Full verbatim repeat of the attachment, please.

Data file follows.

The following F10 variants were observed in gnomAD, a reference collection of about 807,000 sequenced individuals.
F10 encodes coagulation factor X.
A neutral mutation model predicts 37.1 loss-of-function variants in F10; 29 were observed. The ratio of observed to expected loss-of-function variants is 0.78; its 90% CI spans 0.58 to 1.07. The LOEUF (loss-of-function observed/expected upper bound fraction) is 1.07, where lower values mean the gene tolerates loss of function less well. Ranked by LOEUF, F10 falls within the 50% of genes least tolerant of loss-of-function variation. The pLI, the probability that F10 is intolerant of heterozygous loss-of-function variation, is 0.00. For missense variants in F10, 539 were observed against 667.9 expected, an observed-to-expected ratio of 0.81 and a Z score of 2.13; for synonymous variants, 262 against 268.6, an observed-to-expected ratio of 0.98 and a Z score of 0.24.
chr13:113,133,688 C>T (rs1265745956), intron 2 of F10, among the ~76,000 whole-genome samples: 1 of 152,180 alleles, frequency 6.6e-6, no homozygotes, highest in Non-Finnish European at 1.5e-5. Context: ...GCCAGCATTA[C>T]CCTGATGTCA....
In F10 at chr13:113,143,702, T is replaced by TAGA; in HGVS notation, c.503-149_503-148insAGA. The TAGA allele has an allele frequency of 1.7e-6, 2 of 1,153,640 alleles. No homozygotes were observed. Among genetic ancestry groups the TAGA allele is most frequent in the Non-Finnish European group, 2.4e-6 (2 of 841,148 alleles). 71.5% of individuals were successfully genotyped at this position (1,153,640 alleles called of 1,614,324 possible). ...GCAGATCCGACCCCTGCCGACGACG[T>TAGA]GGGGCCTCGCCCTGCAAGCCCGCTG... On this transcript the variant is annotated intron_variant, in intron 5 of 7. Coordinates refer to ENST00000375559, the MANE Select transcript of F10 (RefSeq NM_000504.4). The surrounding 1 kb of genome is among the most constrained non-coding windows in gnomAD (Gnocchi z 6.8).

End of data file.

The following F10 variants were observed in gnomAD, a reference collection of about 807,000 sequenced individuals.
F10 encodes coagulation factor X.
A neutral mutation model predicts 37.1 loss-of-function variants in F10; 29 were observed. The ratio of observed to expected loss-of-function variants is 0.78; its 90% CI spans 0.58 to 1.07. The LOEUF (loss-of-function observed/expected upper bound fraction) is 1.07, where lower values mean the gene tolerates loss of function less well. Ranked by LOEUF, F10 falls within the 50% of genes least tolerant of loss-of-function variation. The pLI, the probability that F10 is intolerant of heterozygous loss-of-function variation, is 0.00. For missense variants in F10, 539 were observed against 667.9 expected, an observed-to-expected ratio of 0.81 and a Z score of 2.13; for synonymous variants, 262 against 268.6, an observed-to-expected ratio of 0.98 and a Z score of 0.24.
chr13:113,133,688 C>T (rs1265745956), intron 2 of F10, among the ~76,000 whole-genome samples: 1 of 152,180 alleles, frequency 6.6e-6, no homozygotes, highest in Non-Finnish European at 1.5e-5. Context: ...GCCAGCATTA[C>T]CCTGATGTCA....
In F10 at chr13:113,143,702, T is replaced by TAGA; in HGVS notation, c.503-149_503-148insAGA. The TAGA allele has an allele frequency of 1.7e-6, 2 of 1,153,640 alleles. No homozygotes were observed. Among genetic ancestry groups the TAGA allele is most frequent in the Non-Finnish European group, 2.4e-6 (2 of 841,148 alleles). 71.5% of individuals were successfully genotyped at this position (1,153,640 alleles called of 1,614,324 possible). ...GCAGATCCGACCCCTGCCGACGACG[T>TAGA]GGGGCCTCGCCCTGCAAGCCCGCTG... On this transcript the variant is annotated intron_variant, in intron 5 of 7. Coordinates refer to ENST00000375559, the MANE Select transcript of F10 (RefSeq NM_000504.4). The surrounding 1 kb of genome is among the most constrained non-coding windows in gnomAD (Gnocchi z 6.8).